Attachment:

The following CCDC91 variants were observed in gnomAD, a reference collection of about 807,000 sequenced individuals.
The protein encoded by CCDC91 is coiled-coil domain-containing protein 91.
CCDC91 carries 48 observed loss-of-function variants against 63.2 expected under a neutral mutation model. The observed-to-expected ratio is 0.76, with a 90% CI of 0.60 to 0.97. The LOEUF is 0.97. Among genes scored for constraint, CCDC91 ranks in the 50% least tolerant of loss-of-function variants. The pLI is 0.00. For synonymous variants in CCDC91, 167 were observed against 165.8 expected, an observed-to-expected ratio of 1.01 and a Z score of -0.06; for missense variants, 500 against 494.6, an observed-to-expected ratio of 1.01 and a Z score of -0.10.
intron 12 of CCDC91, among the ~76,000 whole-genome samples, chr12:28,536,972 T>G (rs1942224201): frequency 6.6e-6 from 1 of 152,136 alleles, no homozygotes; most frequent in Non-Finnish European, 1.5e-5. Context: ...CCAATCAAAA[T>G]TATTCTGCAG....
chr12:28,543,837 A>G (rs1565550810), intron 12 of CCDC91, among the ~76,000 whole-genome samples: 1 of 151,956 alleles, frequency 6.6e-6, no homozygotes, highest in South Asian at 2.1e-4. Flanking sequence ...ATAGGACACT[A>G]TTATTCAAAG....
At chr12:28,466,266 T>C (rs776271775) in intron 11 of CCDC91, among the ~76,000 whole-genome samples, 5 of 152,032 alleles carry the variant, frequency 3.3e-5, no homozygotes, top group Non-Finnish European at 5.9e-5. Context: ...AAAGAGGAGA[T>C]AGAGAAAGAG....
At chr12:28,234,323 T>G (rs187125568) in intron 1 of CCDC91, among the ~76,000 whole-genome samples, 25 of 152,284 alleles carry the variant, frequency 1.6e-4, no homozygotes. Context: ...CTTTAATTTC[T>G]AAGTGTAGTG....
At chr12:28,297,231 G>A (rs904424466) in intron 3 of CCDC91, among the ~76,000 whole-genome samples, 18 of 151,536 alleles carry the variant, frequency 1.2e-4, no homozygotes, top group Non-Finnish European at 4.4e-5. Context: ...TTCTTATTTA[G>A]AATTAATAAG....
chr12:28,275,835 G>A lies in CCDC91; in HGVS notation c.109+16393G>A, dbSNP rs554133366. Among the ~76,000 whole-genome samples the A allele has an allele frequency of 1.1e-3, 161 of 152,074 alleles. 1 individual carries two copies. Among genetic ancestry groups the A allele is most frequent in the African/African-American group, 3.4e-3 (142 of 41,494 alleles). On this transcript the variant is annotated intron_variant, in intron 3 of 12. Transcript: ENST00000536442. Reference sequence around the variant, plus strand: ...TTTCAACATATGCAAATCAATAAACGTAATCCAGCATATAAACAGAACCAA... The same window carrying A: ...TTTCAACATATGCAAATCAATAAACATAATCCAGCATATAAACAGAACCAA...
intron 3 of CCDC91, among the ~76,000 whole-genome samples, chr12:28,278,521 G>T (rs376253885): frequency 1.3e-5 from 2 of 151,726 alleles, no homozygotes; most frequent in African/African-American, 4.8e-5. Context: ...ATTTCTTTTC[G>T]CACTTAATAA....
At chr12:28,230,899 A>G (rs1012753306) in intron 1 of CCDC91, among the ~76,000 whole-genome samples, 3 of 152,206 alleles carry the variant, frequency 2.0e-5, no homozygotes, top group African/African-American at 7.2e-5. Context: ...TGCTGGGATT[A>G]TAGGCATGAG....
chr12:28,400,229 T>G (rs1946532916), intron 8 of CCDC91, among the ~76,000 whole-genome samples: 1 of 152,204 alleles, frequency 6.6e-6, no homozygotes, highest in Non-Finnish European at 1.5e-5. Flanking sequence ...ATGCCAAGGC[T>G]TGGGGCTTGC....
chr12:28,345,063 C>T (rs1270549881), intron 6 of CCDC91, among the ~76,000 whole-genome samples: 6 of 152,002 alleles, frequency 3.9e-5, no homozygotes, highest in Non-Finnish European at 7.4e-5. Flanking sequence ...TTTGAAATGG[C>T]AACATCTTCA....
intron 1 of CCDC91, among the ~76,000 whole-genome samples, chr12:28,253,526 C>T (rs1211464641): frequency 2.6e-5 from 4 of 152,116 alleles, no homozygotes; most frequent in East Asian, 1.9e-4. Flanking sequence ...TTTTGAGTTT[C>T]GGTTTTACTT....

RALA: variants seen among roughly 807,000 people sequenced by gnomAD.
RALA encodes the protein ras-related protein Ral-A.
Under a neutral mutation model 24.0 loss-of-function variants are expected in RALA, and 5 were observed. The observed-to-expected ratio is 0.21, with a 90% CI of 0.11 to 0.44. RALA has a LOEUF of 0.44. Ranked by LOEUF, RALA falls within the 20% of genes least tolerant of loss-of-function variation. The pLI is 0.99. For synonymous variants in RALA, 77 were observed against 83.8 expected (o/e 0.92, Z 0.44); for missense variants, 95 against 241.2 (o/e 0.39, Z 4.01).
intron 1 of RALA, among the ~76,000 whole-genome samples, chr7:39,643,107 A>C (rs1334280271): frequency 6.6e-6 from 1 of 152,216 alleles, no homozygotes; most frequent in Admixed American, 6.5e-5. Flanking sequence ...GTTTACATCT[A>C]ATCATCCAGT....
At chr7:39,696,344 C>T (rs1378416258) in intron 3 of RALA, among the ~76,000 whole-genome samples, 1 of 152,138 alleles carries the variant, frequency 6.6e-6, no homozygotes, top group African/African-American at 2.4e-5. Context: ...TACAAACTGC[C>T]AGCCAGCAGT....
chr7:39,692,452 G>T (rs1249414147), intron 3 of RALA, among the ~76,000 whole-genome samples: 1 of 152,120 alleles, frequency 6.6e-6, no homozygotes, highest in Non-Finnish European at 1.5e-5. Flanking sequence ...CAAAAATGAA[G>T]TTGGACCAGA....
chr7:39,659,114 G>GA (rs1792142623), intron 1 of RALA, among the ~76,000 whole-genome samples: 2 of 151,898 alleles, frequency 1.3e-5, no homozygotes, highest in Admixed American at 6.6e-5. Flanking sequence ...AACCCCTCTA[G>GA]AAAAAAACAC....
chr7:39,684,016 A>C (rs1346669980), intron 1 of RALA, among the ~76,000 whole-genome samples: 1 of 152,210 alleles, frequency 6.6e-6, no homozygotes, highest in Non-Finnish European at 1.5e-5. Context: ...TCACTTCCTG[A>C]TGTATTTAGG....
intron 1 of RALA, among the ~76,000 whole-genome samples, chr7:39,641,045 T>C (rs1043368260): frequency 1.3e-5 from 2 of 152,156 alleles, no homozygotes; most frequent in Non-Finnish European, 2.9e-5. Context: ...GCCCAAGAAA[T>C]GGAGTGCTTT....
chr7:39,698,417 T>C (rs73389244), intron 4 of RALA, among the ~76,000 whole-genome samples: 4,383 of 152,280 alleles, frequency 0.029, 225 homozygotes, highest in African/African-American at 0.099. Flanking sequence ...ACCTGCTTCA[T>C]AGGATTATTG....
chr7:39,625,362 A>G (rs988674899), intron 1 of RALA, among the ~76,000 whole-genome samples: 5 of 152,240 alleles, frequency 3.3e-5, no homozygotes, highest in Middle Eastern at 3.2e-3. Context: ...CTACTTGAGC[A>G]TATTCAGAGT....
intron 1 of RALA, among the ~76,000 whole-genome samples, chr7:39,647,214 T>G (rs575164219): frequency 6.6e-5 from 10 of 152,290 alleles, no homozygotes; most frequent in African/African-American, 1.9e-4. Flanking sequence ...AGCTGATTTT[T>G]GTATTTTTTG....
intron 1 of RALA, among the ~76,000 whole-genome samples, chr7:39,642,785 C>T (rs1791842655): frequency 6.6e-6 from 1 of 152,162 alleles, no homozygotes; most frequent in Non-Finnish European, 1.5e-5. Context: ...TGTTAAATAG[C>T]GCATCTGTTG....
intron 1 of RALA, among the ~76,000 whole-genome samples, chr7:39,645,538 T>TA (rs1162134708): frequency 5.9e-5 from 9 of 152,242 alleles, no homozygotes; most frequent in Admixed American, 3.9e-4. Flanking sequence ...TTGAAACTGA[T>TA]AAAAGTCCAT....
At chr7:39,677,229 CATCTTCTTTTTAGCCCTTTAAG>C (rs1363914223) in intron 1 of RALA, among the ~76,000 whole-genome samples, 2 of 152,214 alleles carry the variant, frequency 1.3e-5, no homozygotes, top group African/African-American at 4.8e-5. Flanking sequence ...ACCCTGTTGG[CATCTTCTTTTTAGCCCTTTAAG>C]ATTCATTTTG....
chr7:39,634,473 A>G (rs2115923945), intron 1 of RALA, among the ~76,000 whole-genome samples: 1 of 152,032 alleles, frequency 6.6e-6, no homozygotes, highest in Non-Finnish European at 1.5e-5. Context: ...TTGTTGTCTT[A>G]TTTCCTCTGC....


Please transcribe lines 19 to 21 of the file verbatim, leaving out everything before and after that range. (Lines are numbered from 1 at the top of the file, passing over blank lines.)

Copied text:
At chr7:39,696,344 C>T (rs1378416258) in intron 3 of RALA, among the ~76,000 whole-genome samples, 1 of 152,138 alleles carries the variant, frequency 6.6e-6, no homozygotes, top group African/African-American at 2.4e-5. Context: ...TACAAACTGC[C>T]AGCCAGCAGT....
chr7:39,692,452 G>T (rs1249414147), intron 3 of RALA, among the ~76,000 whole-genome samples: 1 of 152,120 alleles, frequency 6.6e-6, no homozygotes, highest in Non-Finnish European at 1.5e-5. Flanking sequence ...CAAAAATGAA[G>T]TTGGACCAGA....
chr7:39,659,114 G>GA (rs1792142623), intron 1 of RALA, among the ~76,000 whole-genome samples: 2 of 151,898 alleles, frequency 1.3e-5, no homozygotes, highest in Admixed American at 6.6e-5. Flanking sequence ...AACCCCTCTA[G>GA]AAAAAAACAC....